6 Video Games Set in Los Angeles
The City of Angels, Los Angeles — home to some of the world’s biggest film stars, and the birthplace of several hundred of the films we all know and love. It’s a city of towering skyscrapers, sun-kissed mountain tops, and a thousand dreams blooming and dying every day. It’s also a setting for some of the most exciting battles and adventures in film, TV, and of course, video games.
The deceptive nature of the media industry around which Los Angeles thrives, makes it the perfect city for stories of struggles of good and evil, tales of addiction, epics of success and failure, and duality-themed characters to take place. Here are just a few video games set in Los Angeles that take advantage of the metaphorical depths of the city to do just that.
L.A Noire (2011)
The video first game that come to mind when thinking about video games set in Los Angeles, might be the thrilling mystery/action game by Team Bondi, where you don the dapper attire and magnifying glass of detective Cole Phelps, and try to solve crimes by staring at a motion captured performance and attempting to determine whether or not the actor was trying to give telltale signs or not.
While the rest of the video game was arguably successful in trying to give us something unique, one of the best features of the game was the depiction of late-1940s Los Angeles. The fashion, the music, the manner of speech, all helps to create an immersive environment that you can show your grandparents to check for historical accuracy. You’re able to explore everything from the bustling heart to the mysterious suburbs, accompanied by era-accurate tunes, streaming through your car radio, alongside the police scanner. While you’ll certainly enjoy the in-game city, especially if you’ve been to L.A before, try not to stray from the road. You’re a policeman. “Protect and serve” and all that.
Battlefield: Hardline (2015)
The first in the Battlefield series to revolve around crime instead of war; brings you L.A through the eyes of Nick Mendoza, a Miami Police Detective as he spends years following a drug chain. Sure, you only get a brief look at the streets of Los Angeles, but it’s worth mentioning here, as the video game succeeds in recreating the city’s sunny exterior, littered with palm trees swaying in the breeze as their shadows extend across their concrete surroundings. Admittedly, it does feel relatively empty. Didn’t anyone tell DICE? Emptiness is what L.A keeps on the inside.
Grand Theft Auto V (2013)
Los Santos is a city of towering skyscrapers, sun-kissed mountain tops, and a thousand dreams blooming and dying every day…sound familiar? Can’t imagine why. From the famed ‘Vinewood’ sign to Galileo Observatory, Los Santos throws a nearly endless barrage of signs, speeches, and people parodying the city’s real-world counterpart without mercy. The result is a parody city that somehow manages to reflect L.A with painful accuracy. You can’t help but wonder when and how its video game counterpart became more meaningful than half the things you find in the city of angels. Aesthetically, the city looks fantastic, though it should be noted that certain liberties were taken, for obvious reasons. But it is, in essence, a perfect reflection of Los Angeles. One that’s fully populated and brimming with activities and adventure, both thrilling and mundane. Just like the real Los Angeles.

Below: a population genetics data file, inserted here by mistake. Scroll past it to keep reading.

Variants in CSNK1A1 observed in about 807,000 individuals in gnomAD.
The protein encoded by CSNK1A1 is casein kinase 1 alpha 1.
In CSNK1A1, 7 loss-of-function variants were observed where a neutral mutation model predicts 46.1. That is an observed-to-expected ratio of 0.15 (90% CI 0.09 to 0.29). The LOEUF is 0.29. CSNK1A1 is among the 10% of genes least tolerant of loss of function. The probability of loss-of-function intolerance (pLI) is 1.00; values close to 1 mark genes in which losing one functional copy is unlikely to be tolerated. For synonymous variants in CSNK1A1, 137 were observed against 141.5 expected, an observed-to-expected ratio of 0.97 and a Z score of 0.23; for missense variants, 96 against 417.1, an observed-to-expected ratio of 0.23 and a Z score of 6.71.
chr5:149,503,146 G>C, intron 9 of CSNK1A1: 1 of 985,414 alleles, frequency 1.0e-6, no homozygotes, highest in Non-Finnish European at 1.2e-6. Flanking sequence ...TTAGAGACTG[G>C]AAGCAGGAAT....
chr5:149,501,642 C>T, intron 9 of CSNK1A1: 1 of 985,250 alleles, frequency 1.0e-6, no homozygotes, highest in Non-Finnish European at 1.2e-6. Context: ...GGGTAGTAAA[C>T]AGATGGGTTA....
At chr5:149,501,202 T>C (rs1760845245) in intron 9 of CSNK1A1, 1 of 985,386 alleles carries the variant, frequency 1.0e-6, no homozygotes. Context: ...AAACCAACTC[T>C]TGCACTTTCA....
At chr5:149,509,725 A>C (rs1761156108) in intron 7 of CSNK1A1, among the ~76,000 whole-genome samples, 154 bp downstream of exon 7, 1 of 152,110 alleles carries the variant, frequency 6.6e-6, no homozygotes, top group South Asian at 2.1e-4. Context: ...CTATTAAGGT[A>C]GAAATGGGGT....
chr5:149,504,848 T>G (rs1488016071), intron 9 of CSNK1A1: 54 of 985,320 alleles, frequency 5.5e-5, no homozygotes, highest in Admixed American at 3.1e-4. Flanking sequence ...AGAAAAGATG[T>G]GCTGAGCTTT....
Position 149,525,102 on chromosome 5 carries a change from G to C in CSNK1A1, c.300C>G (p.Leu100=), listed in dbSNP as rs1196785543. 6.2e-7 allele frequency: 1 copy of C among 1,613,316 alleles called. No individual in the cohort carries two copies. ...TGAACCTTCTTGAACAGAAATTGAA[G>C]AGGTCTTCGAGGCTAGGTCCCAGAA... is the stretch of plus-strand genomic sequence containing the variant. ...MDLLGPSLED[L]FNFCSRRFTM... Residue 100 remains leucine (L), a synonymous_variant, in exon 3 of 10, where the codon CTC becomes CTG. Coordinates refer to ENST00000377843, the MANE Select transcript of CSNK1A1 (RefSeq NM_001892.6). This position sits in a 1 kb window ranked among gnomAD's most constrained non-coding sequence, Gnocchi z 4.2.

Call of Juarez: The Cartel (2011)
Keeping in theme with crime in Los Angeles, Call of Juarez: The Cartel, gives you three agents hunting down the cartel using any means necessary. Sure, the video game isn’t all that great, and if you really look at it, you’ll see that it’s pretty damned racist. To its credit however, it does a decent job (purely aesthetically) of showcasing the seedier side of L.A, complete with rusting chain-link fences, humble shacks, and dust-covered streets. If only they had decided to portray the social problems contained within the plot with a bit more realism, it would have been a video game based in Los Angeles worth playing.
Vampire the Masquerade: Bloodlines (2004)
This fantastic oldie possesses one of the better depictions of Los Angeles. It’s certainly not an accurate one in regards to layout (given its age and the technical limitations of the time, that’s no surprise), but all the important features of Los Angeles are present— the looming towers of glass and concrete Downtown, the over-the-top, pseudo-exotic architecture of Hollywood, and the laid-back thuggish exterior of Santa Monica. The best thing about it is that, while the game revolves around vampires and their intricate secret society hidden beneath the facade of our mortal one. The portrayal of their society works in conjunction with the game’s portrayal of the mortal one, instead of letting one overshadow the other, which is one of the reasons why the was able to offer such an immersive environment, and one of the reasons why to this day, it has such a substantial following.
Dead Island 2 (Upcoming)
This game isn’t out yet, but from what we understand, it will be set in California and from what we’ve seen, Hollywood and the Santa Monica Pier will feature in it. Do you really care what it look like? Aren’t you just excited to see the city overrun with zombies to shoot? Well, if you do have any concerns over what the city looks like, rest assured, it’s a fantastically rendered, beautifully designed, truly realistic depiction of L.A. The Hollywood sign stands proudly on the side of Mount Lee, shimmering in the sunlight, watching over the city as zombies fill it and destroy life as we know it. Excited yet? The highly anticipated L.A-based game is due for release some time this year.